Cricketing Inequality Amid the Glory!

Posted on August 10, 2015

This is a quick post as I am going on holiday for a week with my girlfriend to Santorini, a Greek Island, and if I write a blog post from there, my days will be numbered.

“What, you are going on holiday again?” I hear you wail.

Yes, that’s right I am, I can’t really afford it, but I will be moving house when I get back, which will drain my resources and at some time in the future I will be dead, so I am going on holiday and and that’s that.

Anyway, and for those of you who I know who went to private school, before you jump all over me, this is just an observation not a dig at you individually, so calm down. The majority of the cricketer information at least, has come from my Anglo-Australian friend from Canberra, who for the sake of anonymity, I will call Trevor Hickman.

In the UK 6.5% of children attend fee paying schools, whilst the rest (93.5% if my maths serves me well) attend state schools, or some bullshit name like a Science College, or even more hilariously, a Sports College.

I will state now that sport funding at state schools is useless and if you want the evidence here it is in the form of the victorious Ashes Cricket team (Private Schools in Bold).

Alistair Cook – Bedford School-15k Per Annum

Adam Lythe -Caedmon Secondary School (Whitby)

Ian Bell – Princethorpe College – £9.8k Per annum

Joe Root – Worksop College – £17k Per Annum

Ben Stokes – Cockermouth Secondary School

Jos Butler – Kings College (Taunton) £20.5k Per annum

Mooen Ali – Mosely Secondary School

Stuart Broad – Oakham School – £19k Per annum

Mark Wood Ashington High School – £9k Per annum

James Anderson – St Theodores Catholic School

Gary Ballance – Harrow School – £36k Per Annum 

Steve Finn – Parmiters Comprehensive (Over-subscribed)

Jonny Bairstow – St Peters School (York) 16.5k Per annum


Ashes Heroes: England celebrate regaining the famous urn

That means that whilst 6.7% of kids go to state schools, just over 61.5% ( I think that is correct) of the England cricket team were privately educated at schools with pristine facilities (I have seen Harrow, it’s cricket pitches are sublime).

I have no beef about any of the English players, state or privately educated, they seem like a decent bunch, but those figures prove, without doubt, that cricketers are still more likely to achieve if they wear a tie and a crest.

The same rule doesn’t apply with Australia, where the percentages are more the opposite and what this does mean is that state educated kids are are not getting anywhere near the level of of coaching and facilities required for some sort of sporting equilibrium in the UK.

People will point to football being predominately a working class game emanating from the comprehensives but lets be honest, football is learnt on the streets and within community clubs, not in schools.

If I could leave this earth seeing something in my life span that has changed, it would be a system of equality in sports, with facilities for all, not just those with money. Then we would have amazing sports teams, even better than the one that just won the Ashes, and we would also have a nation of healthier people rather than a generation of kids who are pitifully, less fit than their parents.

My question is this, and it is a genuine one.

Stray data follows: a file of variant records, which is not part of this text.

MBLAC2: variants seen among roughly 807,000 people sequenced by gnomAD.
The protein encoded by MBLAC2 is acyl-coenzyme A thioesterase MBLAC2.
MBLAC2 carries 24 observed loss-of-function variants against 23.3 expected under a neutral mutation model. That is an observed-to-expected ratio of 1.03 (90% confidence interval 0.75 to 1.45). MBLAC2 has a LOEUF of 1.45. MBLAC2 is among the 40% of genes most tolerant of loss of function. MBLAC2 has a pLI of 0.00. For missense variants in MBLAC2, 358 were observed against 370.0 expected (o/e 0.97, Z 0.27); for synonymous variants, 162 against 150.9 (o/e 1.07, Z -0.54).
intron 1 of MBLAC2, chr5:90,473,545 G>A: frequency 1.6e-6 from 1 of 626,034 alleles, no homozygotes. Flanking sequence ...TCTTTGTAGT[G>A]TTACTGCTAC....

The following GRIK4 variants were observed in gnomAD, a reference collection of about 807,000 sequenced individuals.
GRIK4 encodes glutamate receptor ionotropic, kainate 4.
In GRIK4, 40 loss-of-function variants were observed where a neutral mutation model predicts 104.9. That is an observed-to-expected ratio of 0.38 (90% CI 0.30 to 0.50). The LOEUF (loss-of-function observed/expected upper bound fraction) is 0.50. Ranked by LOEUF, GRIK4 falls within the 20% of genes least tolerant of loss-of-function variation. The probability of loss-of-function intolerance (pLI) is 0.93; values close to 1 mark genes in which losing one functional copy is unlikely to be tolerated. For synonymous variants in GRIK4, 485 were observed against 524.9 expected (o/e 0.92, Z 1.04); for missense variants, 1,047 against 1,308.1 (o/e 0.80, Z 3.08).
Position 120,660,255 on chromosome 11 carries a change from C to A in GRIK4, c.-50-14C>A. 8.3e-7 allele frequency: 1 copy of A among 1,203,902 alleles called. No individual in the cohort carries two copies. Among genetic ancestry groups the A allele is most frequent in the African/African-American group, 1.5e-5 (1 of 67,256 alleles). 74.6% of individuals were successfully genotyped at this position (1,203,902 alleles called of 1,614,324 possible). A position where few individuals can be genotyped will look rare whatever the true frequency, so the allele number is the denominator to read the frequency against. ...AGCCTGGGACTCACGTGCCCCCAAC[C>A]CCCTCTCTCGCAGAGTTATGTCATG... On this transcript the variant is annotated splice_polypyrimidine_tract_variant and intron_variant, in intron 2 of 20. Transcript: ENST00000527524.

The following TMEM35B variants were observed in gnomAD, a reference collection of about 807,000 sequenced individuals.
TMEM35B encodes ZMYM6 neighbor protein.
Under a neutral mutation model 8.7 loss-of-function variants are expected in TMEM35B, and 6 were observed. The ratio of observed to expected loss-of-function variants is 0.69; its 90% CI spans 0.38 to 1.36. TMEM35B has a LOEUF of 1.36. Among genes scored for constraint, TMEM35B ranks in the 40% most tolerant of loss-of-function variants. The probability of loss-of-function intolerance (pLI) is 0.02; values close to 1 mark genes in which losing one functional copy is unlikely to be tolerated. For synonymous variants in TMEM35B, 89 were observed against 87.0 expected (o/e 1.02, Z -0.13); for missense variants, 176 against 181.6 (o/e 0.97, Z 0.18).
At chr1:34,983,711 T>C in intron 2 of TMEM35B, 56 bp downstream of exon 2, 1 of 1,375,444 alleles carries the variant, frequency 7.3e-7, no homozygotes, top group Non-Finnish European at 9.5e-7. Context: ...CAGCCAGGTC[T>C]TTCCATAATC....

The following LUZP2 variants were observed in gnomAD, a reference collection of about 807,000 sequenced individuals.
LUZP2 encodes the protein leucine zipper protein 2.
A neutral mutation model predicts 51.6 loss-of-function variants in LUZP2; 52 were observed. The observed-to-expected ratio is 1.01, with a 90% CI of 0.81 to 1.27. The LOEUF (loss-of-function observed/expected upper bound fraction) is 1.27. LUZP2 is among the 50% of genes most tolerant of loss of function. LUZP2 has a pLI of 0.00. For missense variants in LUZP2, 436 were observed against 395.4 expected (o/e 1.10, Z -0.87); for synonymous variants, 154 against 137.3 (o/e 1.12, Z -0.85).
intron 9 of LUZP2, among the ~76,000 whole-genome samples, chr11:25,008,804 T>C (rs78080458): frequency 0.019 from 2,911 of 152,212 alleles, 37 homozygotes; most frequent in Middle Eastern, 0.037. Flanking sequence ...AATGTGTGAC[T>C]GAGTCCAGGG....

Do the ruling classes prefer it the way it is, or would they like to see a better and fitter country where people push them and compete with them all the way?

In 2014 it was listed that 59% of the cabinet went to Oxford or Cambridge as opposed to 1% of the nation as a whole, so if there is no appetite in government to improve opportunity for all, it is a pitiful state of affairs. We have two guys at our club (Oakley) who were privately educated and offer up time to teach kids but at Government level, I see little appetite to invest in state school sports, no matter what party is in power.

If, as I believe is often the case, we have governments who are protecting the best facilities for their own (just 6.7% of the nation don’t forget) we will go creating an unhealthy nation that will be a huge burden on the NHS. Surely, if a Prime Minister/Education Minister/Sports Minister/Health Minister was genuinely a man/woman representing the nation and not just a few, the proudest of all legacies would be to leave behind a stronger and healthy nation.

I’m sorry, but whether it is Tony Blair or David Cameron or any of their type, I just don’t think they care, as long as they are doing just dandy themselves.

*This post is no reflection on individuals and I, as always, enjoyed the thumping of the Aussies, more so as it was entirely unexpected!

1 Reply to "Cricketing Inequality Amid the Glory!"

  • James
    August 10, 2015 (9:06 pm)

    Agree with you Bob but that’s just the way it is (I went to Aldworth – a sporting utopia as you know). I am one of the few in my family who didn’t attend private school which is why I spent my late teens launching golf balls into Basing View with you! (Rugby the school of choice for my family in the Midlands) and every time I attend a wedding of theirs I feel like Del Trotter, not because they aren’t nice people but I will never be “one” of them – the connections such a schooling gives are unbelievable – wrong? Most probably but if I could do it for my kids I wouldn’t hesitate and I’m not ashamed to admit it (only because I’ll never be able to!) it’s similar with rugby but I believe in both sports you can get there – you just have to work harder than bufty-boy. enjoy your hols mate

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